Dave Marash, Former WCBS Anchor, Recalls Horrors of 1972 Munich Olympics

We’re just days away from restarting the pageantry and patriotism of the Summer Olympics. The Games of the XXX Olympiad take place in London.

This marks the 40th anniversary of the Munich Games, and the horrific events that resulted in those Olympics being called the Munich Massacre. Many from this generation got their knowledge from the 2005 Steven Spielberg film, Munich.

In a well-planned terrorist attack, eight Palestinians killed two members of the Israeli team. Nine others were held hostage. An ugly gunfight ensued leaving five terrorists dead. As for the nine remaining Israelis, ABC’s Jim McKay had the memorable, if not devastating, line: “They’re all gone.”

On radio, Dave Marash, a 30-year-old reporter, was pleased to have the Olympics assignment for WCBS Radio and the CBS Radio Network. He was filing reports on the various events in Germany and before long, Marash was covering one of the major news stories of the last 50 years.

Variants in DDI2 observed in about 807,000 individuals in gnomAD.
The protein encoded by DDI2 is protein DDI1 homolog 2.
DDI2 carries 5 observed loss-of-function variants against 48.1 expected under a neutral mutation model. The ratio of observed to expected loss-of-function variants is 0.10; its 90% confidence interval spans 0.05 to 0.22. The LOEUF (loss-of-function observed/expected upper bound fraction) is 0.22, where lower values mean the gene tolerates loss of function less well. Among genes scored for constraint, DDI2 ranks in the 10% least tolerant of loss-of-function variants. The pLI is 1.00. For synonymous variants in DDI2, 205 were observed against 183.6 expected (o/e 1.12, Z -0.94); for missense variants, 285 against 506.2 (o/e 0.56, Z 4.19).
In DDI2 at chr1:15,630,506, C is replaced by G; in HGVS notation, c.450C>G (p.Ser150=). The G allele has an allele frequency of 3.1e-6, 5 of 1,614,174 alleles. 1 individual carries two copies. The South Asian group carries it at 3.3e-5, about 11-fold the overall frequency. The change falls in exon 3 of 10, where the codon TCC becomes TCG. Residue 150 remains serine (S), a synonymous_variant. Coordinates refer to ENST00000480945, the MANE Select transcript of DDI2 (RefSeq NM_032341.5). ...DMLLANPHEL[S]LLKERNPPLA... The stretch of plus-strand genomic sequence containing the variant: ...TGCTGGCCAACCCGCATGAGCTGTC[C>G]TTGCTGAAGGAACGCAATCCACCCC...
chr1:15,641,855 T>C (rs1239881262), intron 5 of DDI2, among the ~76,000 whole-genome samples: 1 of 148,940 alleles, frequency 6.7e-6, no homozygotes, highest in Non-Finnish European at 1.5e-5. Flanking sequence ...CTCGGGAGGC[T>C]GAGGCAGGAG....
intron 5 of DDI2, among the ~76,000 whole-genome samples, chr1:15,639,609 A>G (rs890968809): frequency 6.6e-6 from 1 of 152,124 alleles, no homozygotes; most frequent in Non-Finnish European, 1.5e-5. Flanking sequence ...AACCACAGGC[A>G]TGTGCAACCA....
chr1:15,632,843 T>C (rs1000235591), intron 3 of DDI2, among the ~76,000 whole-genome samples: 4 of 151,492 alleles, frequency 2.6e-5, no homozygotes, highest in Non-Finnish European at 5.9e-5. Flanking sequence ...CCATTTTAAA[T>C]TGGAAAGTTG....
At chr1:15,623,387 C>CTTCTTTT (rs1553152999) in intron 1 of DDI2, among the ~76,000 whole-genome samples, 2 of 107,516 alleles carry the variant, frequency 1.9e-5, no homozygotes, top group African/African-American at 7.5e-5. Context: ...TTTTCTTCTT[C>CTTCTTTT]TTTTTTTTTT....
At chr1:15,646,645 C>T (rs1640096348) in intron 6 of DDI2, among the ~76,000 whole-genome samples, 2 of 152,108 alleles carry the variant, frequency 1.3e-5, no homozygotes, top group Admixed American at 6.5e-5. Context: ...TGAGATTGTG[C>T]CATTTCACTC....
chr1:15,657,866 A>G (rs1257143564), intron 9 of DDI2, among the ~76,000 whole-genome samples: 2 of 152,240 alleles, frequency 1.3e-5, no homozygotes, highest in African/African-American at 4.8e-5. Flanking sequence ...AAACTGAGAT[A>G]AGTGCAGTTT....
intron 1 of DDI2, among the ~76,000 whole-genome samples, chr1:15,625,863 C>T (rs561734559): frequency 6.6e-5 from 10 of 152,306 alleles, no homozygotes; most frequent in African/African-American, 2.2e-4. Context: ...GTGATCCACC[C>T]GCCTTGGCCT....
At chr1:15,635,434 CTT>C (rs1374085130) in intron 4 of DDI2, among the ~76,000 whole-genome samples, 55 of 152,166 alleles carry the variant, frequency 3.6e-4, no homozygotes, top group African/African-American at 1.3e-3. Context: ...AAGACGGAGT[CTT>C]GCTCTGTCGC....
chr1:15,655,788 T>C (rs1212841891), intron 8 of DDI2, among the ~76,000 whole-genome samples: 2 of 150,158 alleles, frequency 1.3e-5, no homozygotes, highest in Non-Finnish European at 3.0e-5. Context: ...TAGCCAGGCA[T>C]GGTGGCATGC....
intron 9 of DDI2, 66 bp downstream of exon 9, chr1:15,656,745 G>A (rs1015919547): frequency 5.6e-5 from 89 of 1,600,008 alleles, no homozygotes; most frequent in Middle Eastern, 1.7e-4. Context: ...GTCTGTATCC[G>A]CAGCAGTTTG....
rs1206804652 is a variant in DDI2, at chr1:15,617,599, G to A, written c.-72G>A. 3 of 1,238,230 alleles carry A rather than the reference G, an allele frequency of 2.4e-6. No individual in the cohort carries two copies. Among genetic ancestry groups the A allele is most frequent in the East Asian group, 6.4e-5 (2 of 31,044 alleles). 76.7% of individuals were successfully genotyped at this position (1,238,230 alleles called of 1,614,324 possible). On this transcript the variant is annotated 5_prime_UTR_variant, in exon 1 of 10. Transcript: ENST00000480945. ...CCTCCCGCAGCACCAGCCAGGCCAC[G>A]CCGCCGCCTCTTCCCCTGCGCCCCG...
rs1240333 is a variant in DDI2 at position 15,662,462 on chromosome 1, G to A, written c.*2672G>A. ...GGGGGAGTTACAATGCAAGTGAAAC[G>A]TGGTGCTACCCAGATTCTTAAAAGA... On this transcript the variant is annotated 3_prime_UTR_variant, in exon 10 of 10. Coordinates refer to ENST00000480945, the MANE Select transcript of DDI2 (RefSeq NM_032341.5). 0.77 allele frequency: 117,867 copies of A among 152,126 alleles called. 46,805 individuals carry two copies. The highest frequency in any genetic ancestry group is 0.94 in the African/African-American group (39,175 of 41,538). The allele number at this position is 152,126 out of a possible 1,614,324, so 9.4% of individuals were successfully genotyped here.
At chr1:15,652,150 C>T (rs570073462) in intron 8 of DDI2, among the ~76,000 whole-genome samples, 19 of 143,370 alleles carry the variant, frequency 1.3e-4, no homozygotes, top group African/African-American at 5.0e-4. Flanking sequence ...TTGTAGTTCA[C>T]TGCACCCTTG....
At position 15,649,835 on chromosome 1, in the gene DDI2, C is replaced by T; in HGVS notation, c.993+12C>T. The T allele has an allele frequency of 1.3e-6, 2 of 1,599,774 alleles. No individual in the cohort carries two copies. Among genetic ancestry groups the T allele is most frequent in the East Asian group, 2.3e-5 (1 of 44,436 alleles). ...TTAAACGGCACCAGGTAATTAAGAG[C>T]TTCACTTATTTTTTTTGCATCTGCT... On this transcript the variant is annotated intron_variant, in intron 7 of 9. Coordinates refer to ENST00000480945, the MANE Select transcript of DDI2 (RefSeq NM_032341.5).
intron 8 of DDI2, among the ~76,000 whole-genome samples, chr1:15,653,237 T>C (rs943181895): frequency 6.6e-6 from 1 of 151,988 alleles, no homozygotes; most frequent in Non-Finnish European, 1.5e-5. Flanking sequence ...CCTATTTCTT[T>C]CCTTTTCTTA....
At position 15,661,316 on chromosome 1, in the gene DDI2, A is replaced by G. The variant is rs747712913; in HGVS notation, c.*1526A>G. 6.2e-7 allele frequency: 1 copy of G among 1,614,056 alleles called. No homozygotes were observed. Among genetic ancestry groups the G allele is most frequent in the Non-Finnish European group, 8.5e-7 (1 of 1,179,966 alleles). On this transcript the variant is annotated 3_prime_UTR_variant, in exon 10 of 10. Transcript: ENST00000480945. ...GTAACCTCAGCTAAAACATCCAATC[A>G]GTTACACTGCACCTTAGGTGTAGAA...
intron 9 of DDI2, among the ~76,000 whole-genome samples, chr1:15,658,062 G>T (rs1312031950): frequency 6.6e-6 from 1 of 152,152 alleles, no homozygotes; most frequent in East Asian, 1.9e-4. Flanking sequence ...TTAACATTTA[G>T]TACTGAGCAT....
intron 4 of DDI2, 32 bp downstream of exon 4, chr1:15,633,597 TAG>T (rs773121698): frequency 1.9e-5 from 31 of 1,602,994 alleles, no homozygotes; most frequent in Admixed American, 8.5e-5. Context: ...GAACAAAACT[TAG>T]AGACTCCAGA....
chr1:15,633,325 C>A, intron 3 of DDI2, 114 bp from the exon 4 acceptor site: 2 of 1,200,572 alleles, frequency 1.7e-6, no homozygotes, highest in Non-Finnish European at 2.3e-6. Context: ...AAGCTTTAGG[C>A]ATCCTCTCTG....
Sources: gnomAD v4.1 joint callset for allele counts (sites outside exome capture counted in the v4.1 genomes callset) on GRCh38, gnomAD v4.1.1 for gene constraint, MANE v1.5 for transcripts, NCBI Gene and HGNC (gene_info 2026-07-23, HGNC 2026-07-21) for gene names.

“I had only gotten to bed about 15 minutes before the phone rang,” Marash tells FishbowlNY. “Because I had attended an event that was instrumental in the terrorist’s plan.”

That event, Marash contends, was the Soviet Union vs. Canada hockey match early on September 5.  Many Canadians, Soviets, and ice hockey fans that couldn’t get to the arena, did the next best thing. Not to miss the late-night match (that started at approximately 1 a.m. Munich time), Marash says many spectators left the Olympics Village for the Broadcast Center, sneaking back after the game. Thanks to lax security, Marash learned a short time later that the hockey match played a key role in the attack.